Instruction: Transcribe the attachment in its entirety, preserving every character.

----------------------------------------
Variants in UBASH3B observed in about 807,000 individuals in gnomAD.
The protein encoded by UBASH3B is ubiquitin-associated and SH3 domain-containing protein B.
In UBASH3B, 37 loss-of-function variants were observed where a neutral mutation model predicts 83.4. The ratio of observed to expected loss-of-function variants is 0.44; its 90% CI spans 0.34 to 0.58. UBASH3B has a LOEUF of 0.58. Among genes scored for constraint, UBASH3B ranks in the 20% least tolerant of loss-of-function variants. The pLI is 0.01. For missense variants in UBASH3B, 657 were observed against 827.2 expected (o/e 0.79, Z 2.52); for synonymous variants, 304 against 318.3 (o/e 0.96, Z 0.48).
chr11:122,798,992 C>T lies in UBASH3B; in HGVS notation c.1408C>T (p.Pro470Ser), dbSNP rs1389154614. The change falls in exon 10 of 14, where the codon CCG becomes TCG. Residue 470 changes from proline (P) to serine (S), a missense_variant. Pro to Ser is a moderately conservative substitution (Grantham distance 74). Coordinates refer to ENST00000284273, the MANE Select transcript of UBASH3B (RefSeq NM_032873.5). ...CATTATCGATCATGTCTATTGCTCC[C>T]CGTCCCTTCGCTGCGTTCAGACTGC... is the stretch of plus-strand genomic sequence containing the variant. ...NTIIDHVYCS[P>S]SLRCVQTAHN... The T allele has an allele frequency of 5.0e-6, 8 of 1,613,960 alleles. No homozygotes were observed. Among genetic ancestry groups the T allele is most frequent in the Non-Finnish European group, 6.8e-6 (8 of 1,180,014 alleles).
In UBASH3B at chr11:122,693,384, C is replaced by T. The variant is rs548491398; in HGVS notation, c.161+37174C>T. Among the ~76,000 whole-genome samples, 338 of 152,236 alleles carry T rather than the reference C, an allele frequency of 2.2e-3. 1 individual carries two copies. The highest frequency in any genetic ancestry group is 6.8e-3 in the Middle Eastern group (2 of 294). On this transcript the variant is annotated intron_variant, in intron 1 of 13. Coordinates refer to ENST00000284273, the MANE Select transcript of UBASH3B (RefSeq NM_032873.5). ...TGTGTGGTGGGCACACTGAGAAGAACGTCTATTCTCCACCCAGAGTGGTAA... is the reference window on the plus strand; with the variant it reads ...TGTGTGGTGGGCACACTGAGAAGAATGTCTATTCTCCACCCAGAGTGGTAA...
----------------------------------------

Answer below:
Variants in UBASH3B observed in about 807,000 individuals in gnomAD.
The protein encoded by UBASH3B is ubiquitin-associated and SH3 domain-containing protein B.
In UBASH3B, 37 loss-of-function variants were observed where a neutral mutation model predicts 83.4. The ratio of observed to expected loss-of-function variants is 0.44; its 90% CI spans 0.34 to 0.58. UBASH3B has a LOEUF of 0.58. Among genes scored for constraint, UBASH3B ranks in the 20% least tolerant of loss-of-function variants. The pLI is 0.01. For missense variants in UBASH3B, 657 were observed against 827.2 expected (o/e 0.79, Z 2.52); for synonymous variants, 304 against 318.3 (o/e 0.96, Z 0.48).
chr11:122,798,992 C>T lies in UBASH3B; in HGVS notation c.1408C>T (p.Pro470Ser), dbSNP rs1389154614. The change falls in exon 10 of 14, where the codon CCG becomes TCG. Residue 470 changes from proline (P) to serine (S), a missense_variant. Pro to Ser is a moderately conservative substitution (Grantham distance 74). Coordinates refer to ENST00000284273, the MANE Select transcript of UBASH3B (RefSeq NM_032873.5). ...CATTATCGATCATGTCTATTGCTCC[C>T]CGTCCCTTCGCTGCGTTCAGACTGC... is the stretch of plus-strand genomic sequence containing the variant. ...NTIIDHVYCS[P>S]SLRCVQTAHN... The T allele has an allele frequency of 5.0e-6, 8 of 1,613,960 alleles. No homozygotes were observed. Among genetic ancestry groups the T allele is most frequent in the Non-Finnish European group, 6.8e-6 (8 of 1,180,014 alleles).
In UBASH3B at chr11:122,693,384, C is replaced by T. The variant is rs548491398; in HGVS notation, c.161+37174C>T. Among the ~76,000 whole-genome samples, 338 of 152,236 alleles carry T rather than the reference C, an allele frequency of 2.2e-3. 1 individual carries two copies. The highest frequency in any genetic ancestry group is 6.8e-3 in the Middle Eastern group (2 of 294). On this transcript the variant is annotated intron_variant, in intron 1 of 13. Coordinates refer to ENST00000284273, the MANE Select transcript of UBASH3B (RefSeq NM_032873.5). ...TGTGTGGTGGGCACACTGAGAAGAACGTCTATTCTCCACCCAGAGTGGTAA... is the reference window on the plus strand; with the variant it reads ...TGTGTGGTGGGCACACTGAGAAGAATGTCTATTCTCCACCCAGAGTGGTAA...